The Problem With Amazon's Television Ambition
Oct 10th 2013 7:00PM
Updated Oct 10th 2013 7:02PM
More talk of an Amazon.com streaming device surfaced this week, with The Wall Street Journal reporting that its sources say a set-top box is likely to launch before the holiday season. Though we've heard rumors of Amazon's streaming box before, it's important for investors to know where Amazon stands in the steaming space and what its chances are of competing against streaming juggernauts Apple and Netflix .
Television, the final frontier
With its e-readers and tablets, Amazon doesn't sell devices to make money from the sale, but rather to make money on what they sell through devices. An Amazon streaming box will likely follow the same thinking.
An RBC Capital Markets equity research analyst estimates that Kindle owners purchase up to four times as many books as the average Amazon shopper. While that's just an estimate -- and can't be fully applied to other Amazon devices -- the idea of increased conversion rates through Amazon products is a real consideration for the company. With a set-top box, Amazon would likely be interested in selling more of its $79-per-year subscriptions to Amazon Prime. The service is similar to Netflix in that it offers television and movie streaming, along with some original content. But it differs in that a Prime subscription also includes free two-day shipping on orders from Amazon.com. To date, the company has more than 10 million Prime subscribers.
Morningstar estimates that Prime accounts for about one-third of Amazon's operating income, so the desire to add more subscribers has some obvious benefits for the company. Especially when considering that some estimates have Amazon hitting 25 million to 27 million Prime subscribers by 2017.
But those estimates are where Netflix is now. The company has about 29 million U.S. subscribers, and those users watch an amazing amount of content. A Sandvine report said Netflix made up more than 32% of all U.S. peak time downstream traffic for the first half of 2013, compared to Amazon's 1.3%. A BTIG media analyst estimates Netflix could easily reach 40 million subscribers by 2015, which would push it even further ahead of Amazon.
If subscribers and streaming traffic aren't enough, Netflix also has critically acclaimed original programming, including the Emmy-award-winning House of Cards. The show is the first online-only programming to ever win an Emmy, not to mention that other Netflix original programming received 14 nominations total.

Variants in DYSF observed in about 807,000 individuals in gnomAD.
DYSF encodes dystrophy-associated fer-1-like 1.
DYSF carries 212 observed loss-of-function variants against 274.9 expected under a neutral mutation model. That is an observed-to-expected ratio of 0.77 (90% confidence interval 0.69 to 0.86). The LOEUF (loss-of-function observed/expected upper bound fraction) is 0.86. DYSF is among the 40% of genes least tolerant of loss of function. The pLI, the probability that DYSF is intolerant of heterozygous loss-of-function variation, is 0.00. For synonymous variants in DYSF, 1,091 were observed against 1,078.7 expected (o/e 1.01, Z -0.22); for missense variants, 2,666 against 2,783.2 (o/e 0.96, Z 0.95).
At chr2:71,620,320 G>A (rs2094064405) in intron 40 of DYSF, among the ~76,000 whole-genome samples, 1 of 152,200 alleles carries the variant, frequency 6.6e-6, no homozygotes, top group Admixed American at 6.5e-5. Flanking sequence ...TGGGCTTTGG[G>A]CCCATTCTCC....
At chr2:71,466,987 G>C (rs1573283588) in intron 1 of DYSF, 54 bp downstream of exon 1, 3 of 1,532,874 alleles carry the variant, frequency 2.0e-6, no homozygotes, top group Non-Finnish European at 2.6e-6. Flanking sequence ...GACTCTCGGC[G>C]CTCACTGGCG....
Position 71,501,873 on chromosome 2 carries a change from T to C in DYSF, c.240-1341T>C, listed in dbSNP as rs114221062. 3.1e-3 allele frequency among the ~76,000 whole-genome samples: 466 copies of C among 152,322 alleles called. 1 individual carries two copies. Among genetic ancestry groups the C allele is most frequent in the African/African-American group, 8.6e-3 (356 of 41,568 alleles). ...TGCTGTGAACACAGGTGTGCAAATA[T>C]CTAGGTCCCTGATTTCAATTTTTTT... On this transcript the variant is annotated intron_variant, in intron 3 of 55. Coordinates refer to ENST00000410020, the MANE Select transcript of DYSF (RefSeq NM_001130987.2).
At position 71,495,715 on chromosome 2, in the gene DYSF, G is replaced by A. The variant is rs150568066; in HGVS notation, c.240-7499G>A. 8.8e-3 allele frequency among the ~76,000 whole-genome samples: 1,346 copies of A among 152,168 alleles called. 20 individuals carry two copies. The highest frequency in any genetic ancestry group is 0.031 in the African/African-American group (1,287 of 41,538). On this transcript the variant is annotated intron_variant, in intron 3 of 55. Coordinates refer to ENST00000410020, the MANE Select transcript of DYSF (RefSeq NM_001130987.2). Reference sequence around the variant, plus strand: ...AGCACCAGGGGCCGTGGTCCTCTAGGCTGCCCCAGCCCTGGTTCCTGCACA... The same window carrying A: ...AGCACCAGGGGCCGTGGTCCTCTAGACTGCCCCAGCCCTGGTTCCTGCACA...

While a set-top box could help Amazon sell more of its Prime subscriptions, Netflix has proven it can dominate the space without its own box. Netflix is continuing to build its original programming and even an Amazon box isn't likely to cause a slip in the company's streaming lead.
The 800-pound Apple in the room
Though releasing a streaming box may be easy for Amazon to do -- it already knows how to run a successful streaming service and tablet division -- it's not so simple to overcome Apple's dominance in the living room. Apple TV accounted for 56% of all streaming boxes sold in 2012, with Roku following behind with 21.5%. Not to mention that all of Apple's devices account for a whopping 35% of all audio and video streaming on fixed access networks in the U.S.
Apple also has the advantage over Amazon by tying Apple TV right into its already-strong ecosystem. Although Amazon has what it calls Fire OS, it doesn't have the same strength as Apple's platforms or ecosystem, and it's not likely Fire OS will ever catch up. In the U.S. and Canada, Apple's iPads make up a 84.3% of all Web traffic in the U.S. and Canada -- compared to just 5.7% for Amazon's Kindles.
On top of that, Apple combines its iOS platform with Apple TV by allowing users to display content from their iPhone and iPads onto the device. This ability further strengthens Apple in the living room streaming space by allowing alternative ways to watch content and adds another barrier for newcomers like Amazon to enter the space. With Apple dominating with its Apple TV sales, Internet traffic usage, and integrated platforms, Amazon will have hard time usurping the company any time soon.
For Amazon to see significant gains from its set-top box, it'll have to overcome consumers' habits that lead them directly to Apple and Netflix. With Apple's famous brand loyalty and Netflix's huge downstream traffic lead, an Amazon set-top box will surely be the underdog fighting two heavyweights -- at the same time.
Who will win the battle for the living room?
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The article The Problem With Amazon's Television Ambition originally appeared on Fool.com.Fool contributor Chris Neiger has no position in any stocks mentioned. The Motley Fool recommends Amazon.com, Apple, and Netflix. The Motley Fool owns shares of Amazon.com, Apple, and Netflix. Try any of our Foolish newsletter services free for 30 days. We Fools may not all hold the same opinions, but we all believe that considering a diverse range of insights makes us better investors. The Motley Fool has a disclosure policy.
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